Saturday, April 15, 2017

April (so the calendar says) flowers

Somehow another month has gone by without my posting here, and it's Garden Bloggers' Bloom Day again. I write in haste so I can get a lot of things done today, since tomorrow is Easter and somewhat occupied, and besides it's going to hit the high 80s and there are very few leaves on the trees as yet. Today will be cooler and cloudy, so good for those outdoor tasks.

So here's what's blooming - it might be easier to say what's not blooming, because this is one of those years when everything seems to go at once, probably due to the insane weather shifts. So far April is possibly somewhat cooler than February (I know that's not actually true, but it seems so).

I really am hurrying, so these are just in the order I took them.

This is claytonia or miner's lettuce in my salad table. Little white bits in the center are the flowers.

White bleeding heart

Epimedium

Hellebore

Rhubarb! I need to cut this off to give more energy to the plant, but meanwhile it counts.

Magnolia, one of the Little Girls

Celandine poppy - these are ALL OVER THE PLACE as usual.

The Field of White Violets

Virginia bluebells and bleeding hearts

I Don't Have Time to Look Up These Daffodils

Catmint

Pieris japonica

Lilac

Golden ragwort

Another daffodil

This one is Yellow Cheerfulness - my favorite

Bridal Crown daffodil

Blueberries - gonna be a big crop if I can save them from the birds this year

Leucojum aestivum
Also blooming: dogwood, redbud, pawpaw, a few early tulips, grape hyacinths. Missed the Mohawk viburnum between GBBDs this year, but it was spectacular and deliciously clove-scented. Speaking of which, most of my tiny clove currants survived and may grow!

Okay, on to putting a raised bed in the community garden plot, and other tasks. Some infrastructure pics to come soon.

Tuesday, March 14, 2017

GBBD March

Haven't posted here in a while, so let's try starting up again with Garden Bloggers' Bloom Day.

It's been a very weird winter here in central Maryland, with record high temperatures all through February that started up an early spring. March has been more seasonal, on the chilly side with several inches of sleet and snow falling today. So of course I had to see what was going on with all the plants already in bloom.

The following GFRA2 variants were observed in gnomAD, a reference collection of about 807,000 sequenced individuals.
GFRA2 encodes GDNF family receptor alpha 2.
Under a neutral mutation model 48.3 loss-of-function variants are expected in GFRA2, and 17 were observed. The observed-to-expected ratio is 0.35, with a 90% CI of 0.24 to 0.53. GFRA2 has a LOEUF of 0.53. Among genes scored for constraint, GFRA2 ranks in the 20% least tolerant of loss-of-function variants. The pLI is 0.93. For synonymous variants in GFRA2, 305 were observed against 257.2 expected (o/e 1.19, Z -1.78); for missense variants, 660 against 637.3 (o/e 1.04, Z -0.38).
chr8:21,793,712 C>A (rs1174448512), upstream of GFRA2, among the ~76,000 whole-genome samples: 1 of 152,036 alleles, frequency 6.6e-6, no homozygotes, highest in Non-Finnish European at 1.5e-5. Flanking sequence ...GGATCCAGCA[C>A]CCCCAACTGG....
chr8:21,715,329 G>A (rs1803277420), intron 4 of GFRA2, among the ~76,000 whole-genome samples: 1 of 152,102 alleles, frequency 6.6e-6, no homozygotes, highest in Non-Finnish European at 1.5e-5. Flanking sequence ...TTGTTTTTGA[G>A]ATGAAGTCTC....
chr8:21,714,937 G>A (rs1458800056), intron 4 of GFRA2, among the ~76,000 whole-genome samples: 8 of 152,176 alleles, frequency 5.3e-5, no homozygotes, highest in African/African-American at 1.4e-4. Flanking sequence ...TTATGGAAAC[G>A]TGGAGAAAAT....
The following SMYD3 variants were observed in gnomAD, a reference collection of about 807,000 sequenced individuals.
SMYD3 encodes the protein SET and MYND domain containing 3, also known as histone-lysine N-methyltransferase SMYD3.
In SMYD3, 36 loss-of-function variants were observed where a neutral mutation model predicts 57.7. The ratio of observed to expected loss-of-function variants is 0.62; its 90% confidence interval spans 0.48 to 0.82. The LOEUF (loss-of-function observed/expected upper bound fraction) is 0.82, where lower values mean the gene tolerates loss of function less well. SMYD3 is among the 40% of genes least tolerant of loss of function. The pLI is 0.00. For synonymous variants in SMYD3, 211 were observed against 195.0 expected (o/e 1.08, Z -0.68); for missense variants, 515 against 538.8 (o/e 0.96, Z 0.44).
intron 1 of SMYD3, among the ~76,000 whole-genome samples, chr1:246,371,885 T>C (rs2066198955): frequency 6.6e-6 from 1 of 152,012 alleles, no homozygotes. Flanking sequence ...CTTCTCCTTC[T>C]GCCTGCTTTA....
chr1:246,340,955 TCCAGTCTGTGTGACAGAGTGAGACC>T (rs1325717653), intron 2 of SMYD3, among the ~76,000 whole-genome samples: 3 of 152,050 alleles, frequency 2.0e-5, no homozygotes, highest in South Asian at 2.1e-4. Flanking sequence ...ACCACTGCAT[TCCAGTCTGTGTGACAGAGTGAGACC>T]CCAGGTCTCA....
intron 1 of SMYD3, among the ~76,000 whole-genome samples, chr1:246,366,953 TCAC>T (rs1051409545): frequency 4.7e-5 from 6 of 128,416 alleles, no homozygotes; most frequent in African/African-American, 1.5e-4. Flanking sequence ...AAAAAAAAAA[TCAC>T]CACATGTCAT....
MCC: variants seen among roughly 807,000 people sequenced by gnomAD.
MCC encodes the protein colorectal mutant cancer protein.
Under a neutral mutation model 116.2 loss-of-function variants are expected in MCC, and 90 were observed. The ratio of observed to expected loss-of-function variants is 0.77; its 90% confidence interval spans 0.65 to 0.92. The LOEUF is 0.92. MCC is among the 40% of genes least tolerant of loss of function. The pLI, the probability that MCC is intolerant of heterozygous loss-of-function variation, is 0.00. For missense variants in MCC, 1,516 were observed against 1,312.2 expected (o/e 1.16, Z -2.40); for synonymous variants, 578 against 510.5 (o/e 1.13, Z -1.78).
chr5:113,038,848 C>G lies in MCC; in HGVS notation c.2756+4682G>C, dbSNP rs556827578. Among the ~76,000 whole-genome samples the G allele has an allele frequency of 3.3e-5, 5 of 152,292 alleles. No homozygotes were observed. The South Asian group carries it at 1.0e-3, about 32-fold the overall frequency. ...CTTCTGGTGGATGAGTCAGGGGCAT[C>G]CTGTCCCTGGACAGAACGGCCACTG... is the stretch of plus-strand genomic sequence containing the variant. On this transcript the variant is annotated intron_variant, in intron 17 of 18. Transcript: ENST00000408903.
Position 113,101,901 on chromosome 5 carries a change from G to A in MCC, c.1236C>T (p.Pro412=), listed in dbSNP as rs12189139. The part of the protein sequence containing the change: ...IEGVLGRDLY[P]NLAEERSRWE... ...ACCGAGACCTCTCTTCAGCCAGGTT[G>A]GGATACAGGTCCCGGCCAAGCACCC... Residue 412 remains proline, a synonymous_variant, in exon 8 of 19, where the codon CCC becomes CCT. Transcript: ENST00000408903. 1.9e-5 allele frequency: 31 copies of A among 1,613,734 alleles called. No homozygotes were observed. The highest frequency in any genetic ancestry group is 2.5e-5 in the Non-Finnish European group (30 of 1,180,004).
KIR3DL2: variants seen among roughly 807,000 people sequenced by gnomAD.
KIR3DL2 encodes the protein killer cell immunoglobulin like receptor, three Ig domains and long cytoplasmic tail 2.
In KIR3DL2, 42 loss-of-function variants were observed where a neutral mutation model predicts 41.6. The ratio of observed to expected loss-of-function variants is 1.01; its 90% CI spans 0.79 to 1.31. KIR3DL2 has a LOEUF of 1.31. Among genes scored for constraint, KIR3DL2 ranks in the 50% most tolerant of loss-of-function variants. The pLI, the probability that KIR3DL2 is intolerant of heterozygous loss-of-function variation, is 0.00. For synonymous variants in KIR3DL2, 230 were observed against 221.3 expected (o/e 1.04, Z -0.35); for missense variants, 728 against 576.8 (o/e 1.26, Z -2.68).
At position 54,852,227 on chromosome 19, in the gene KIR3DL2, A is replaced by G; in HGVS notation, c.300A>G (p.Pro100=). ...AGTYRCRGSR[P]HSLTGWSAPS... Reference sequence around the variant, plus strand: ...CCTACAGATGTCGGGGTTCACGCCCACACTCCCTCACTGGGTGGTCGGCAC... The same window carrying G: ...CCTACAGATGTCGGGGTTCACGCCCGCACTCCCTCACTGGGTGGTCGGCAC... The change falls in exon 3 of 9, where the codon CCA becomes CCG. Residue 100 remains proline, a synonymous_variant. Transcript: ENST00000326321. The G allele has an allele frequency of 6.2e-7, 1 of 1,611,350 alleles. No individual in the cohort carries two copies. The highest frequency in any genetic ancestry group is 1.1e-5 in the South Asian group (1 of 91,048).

Some are under the snow, though really all but the last crocuses are done with, along with the snowdrops and the few miniature iris I have left (need to plant more this year!). Daffodils are in full bloom, looking sad in the frozen stuff:


Forsythia didn't enjoy the cold snap either:


Of course the plants will be fine, but the flowers look crappy. I also fear for all the magnolia blooms just opening up:


Pieris japonica seems not affected at all, however:


And the hellebores of course take it all in stride:


Here's a fern with one frond above the snow to finish up:


The snow will all be gone in a few days, and we can get back to spring, probably with more crazy swings in temperature. I am glad to see even this little bit of white stuff today since we've had probably less than an inch total all winter up till now - we were just in the "snow hole" when all the storms went either south or north of us.

Enjoy whatever blooms you can find out there!!

Saturday, November 12, 2016

Flora of Albuquerque

We could all use some pretty plants to look at this week, so here's my collection of plant photos from our trip to New Mexico. Sorry it's taken a month to get up! And I still haven't found IDs for everything, but the relaxing thing about admiring the desert landscape is that I can't grow any of these plants myself so knowing exactly what they are is irrelevant, except for the must-label-now! part of me which I will suppress.

All of these photos were taken in the Sandia Heights neighborhood where we were staying. Here's the view from the deck of our lovely hosts' house: